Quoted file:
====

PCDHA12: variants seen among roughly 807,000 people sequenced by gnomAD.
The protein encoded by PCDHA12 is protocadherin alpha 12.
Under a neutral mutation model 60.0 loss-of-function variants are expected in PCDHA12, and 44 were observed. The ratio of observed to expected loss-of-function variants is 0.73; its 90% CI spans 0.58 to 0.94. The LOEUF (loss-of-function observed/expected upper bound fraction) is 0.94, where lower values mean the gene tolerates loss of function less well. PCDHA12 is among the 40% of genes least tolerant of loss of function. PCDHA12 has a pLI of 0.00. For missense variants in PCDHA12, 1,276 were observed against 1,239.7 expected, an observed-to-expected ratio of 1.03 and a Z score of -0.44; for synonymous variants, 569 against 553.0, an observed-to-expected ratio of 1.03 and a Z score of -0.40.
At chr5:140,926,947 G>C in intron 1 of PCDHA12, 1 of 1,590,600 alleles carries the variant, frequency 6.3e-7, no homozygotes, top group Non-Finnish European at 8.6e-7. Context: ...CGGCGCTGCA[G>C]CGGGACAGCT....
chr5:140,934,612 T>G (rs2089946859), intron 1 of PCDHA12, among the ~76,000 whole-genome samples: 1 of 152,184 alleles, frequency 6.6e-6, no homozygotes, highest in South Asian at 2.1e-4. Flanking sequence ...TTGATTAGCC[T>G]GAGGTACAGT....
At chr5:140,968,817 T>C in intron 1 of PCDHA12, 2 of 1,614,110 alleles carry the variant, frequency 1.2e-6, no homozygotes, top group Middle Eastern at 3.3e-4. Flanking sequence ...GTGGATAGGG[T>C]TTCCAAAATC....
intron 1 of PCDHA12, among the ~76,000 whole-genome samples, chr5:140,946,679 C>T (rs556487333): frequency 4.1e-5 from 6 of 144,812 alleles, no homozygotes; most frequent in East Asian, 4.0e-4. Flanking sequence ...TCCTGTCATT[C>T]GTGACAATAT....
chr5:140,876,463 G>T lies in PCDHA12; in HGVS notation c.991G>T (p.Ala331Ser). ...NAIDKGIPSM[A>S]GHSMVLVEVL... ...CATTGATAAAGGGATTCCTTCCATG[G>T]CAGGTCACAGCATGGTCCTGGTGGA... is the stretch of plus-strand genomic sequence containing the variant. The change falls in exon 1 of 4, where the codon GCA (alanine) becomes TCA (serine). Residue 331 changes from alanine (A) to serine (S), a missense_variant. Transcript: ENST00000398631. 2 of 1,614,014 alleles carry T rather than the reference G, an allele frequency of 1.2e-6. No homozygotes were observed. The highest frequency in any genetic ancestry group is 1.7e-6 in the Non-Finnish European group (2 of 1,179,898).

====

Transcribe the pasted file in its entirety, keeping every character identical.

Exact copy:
PCDHA12: variants seen among roughly 807,000 people sequenced by gnomAD.
The protein encoded by PCDHA12 is protocadherin alpha 12.
Under a neutral mutation model 60.0 loss-of-function variants are expected in PCDHA12, and 44 were observed. The ratio of observed to expected loss-of-function variants is 0.73; its 90% CI spans 0.58 to 0.94. The LOEUF (loss-of-function observed/expected upper bound fraction) is 0.94, where lower values mean the gene tolerates loss of function less well. PCDHA12 is among the 40% of genes least tolerant of loss of function. PCDHA12 has a pLI of 0.00. For missense variants in PCDHA12, 1,276 were observed against 1,239.7 expected, an observed-to-expected ratio of 1.03 and a Z score of -0.44; for synonymous variants, 569 against 553.0, an observed-to-expected ratio of 1.03 and a Z score of -0.40.
At chr5:140,926,947 G>C in intron 1 of PCDHA12, 1 of 1,590,600 alleles carries the variant, frequency 6.3e-7, no homozygotes, top group Non-Finnish European at 8.6e-7. Context: ...CGGCGCTGCA[G>C]CGGGACAGCT....
chr5:140,934,612 T>G (rs2089946859), intron 1 of PCDHA12, among the ~76,000 whole-genome samples: 1 of 152,184 alleles, frequency 6.6e-6, no homozygotes, highest in South Asian at 2.1e-4. Flanking sequence ...TTGATTAGCC[T>G]GAGGTACAGT....
At chr5:140,968,817 T>C in intron 1 of PCDHA12, 2 of 1,614,110 alleles carry the variant, frequency 1.2e-6, no homozygotes, top group Middle Eastern at 3.3e-4. Flanking sequence ...GTGGATAGGG[T>C]TTCCAAAATC....
intron 1 of PCDHA12, among the ~76,000 whole-genome samples, chr5:140,946,679 C>T (rs556487333): frequency 4.1e-5 from 6 of 144,812 alleles, no homozygotes; most frequent in East Asian, 4.0e-4. Flanking sequence ...TCCTGTCATT[C>T]GTGACAATAT....
chr5:140,876,463 G>T lies in PCDHA12; in HGVS notation c.991G>T (p.Ala331Ser). ...NAIDKGIPSM[A>S]GHSMVLVEVL... ...CATTGATAAAGGGATTCCTTCCATG[G>T]CAGGTCACAGCATGGTCCTGGTGGA... is the stretch of plus-strand genomic sequence containing the variant. The change falls in exon 1 of 4, where the codon GCA (alanine) becomes TCA (serine). Residue 331 changes from alanine (A) to serine (S), a missense_variant. Transcript: ENST00000398631. 2 of 1,614,014 alleles carry T rather than the reference G, an allele frequency of 1.2e-6. No homozygotes were observed. The highest frequency in any genetic ancestry group is 1.7e-6 in the Non-Finnish European group (2 of 1,179,898).